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Pontifical Academy of Sciences Issues Recommendations on Global Problem of Drugs

“Narcotics: Problems and Solutions of this Global Issue 
“On November 24 and 25, 2016, the Pontifical Academy of Sciences (PAS) held a meeting at the Vatican with international experts, led and inspired by Pope Francis and Queen Silvia of Sweden, to develop a global view of the current drug epidemic and recommendations to reverse this trend, one that imperils the very elements of civil society: public health, safety and human progress. Millions of victims globally have succumbed to addiction. This is a contemporary version of slavery. It destroys autonomy and free will, a foreseeable outcome of using chemicals that artificially suppress and supplant natural brain reward systems in vulnerable people. Addiction especially threatens young people, as the vast majority of addictions can be traced to initiation during adolescence. This is a period of rapid brain development, with particular risk to the enduring harms of drug use. An essential priority is to protect the brains of children and youth, by discouraging use of all drugs. The international epidemic is led by a globalized network of criminals and legal business interests, with children and youth as their primary targets. They have driven exponential growth of potent forms of cannabis, developed unclean highly addictive cocaine preparations, and created unregulated new psychoactive substances. Prescription drug diversion for non-medical misuse is rooted in different origins, but the risks of medication misuse can be as great or greater than illegal drugs.
 
"We recommend the following actions to be taken:”
 
Read the statement's recommendations here.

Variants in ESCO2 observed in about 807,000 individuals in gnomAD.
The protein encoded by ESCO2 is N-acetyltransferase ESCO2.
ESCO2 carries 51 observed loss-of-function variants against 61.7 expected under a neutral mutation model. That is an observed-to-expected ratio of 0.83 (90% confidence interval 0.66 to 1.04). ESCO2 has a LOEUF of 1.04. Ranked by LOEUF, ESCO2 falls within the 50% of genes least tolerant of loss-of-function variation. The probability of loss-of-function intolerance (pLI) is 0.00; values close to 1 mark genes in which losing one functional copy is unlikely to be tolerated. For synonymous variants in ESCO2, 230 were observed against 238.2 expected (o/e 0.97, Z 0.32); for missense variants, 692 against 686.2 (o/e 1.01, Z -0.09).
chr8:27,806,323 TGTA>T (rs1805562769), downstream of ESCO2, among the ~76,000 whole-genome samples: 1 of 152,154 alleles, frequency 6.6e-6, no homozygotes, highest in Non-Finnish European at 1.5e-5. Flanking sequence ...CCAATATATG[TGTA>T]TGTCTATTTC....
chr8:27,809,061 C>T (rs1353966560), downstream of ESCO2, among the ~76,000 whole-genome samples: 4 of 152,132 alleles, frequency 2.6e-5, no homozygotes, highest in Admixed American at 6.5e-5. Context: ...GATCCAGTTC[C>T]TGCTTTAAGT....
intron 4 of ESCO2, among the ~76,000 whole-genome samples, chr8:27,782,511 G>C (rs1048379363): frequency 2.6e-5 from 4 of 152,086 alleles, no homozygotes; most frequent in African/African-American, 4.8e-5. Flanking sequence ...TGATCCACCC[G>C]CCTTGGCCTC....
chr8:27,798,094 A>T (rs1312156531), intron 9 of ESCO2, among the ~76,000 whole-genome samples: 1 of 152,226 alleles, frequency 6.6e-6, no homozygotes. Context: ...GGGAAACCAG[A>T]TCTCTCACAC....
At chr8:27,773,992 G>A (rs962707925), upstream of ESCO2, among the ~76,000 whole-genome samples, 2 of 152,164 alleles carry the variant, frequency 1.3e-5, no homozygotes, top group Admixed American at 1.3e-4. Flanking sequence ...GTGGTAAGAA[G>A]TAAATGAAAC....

T-Mobile Under Fire for
Trying to Make Pot a Laughing Matter

In December, a grandmother protested the marketing of leggings printed with marijuana leaves to young toddlers. Now a group of angry parents is taking aim at T-Mobile, a larger target they say is trying to normalize drug use by targeting the message to children.
 
During the broadcast of Super Bowl LI on February 5, T-Mobile aired an ad with lifestyle guru Martha Stewart and rap artist Snoop Dogg (real name Calvin Cordozar Broadus, Jr.) during which the two bantered, making several not-so-veiled humorous references to marijuana.
 
The ad is meant to play off Stewart and Broadus’ VH1 reality show, “Martha & Snoop’s Potluck Dinner Party,” a show geared to millennials that some reviewers concede is nothing more than an effort to normalize the use of marijuana.
 
Parents are not having it.
 
"During the Super Bowl, a T-Mobile ad ran with such references as 'pot,' 'can-o-bisque,' 'greenery,' and 'purple cushions' [Purple Kush is a popular strain of marijuana]. How much more of an attempt to normalize this to youngsters can you get? The Super Bowl is something whole families watch. This was the worst place to air a commercial like this UNLESS the goal was to make drug use a joke and get kids to think marijuana is ‘no big deal,'" explained a Missouri mom who has had several friends lose children to drug abuse, including marijuana addiction.
 
She has organized a petition to boycott T-Mobile, understanding that she faces an uphill battle against a society that increasingly believes marijuana is not harmful.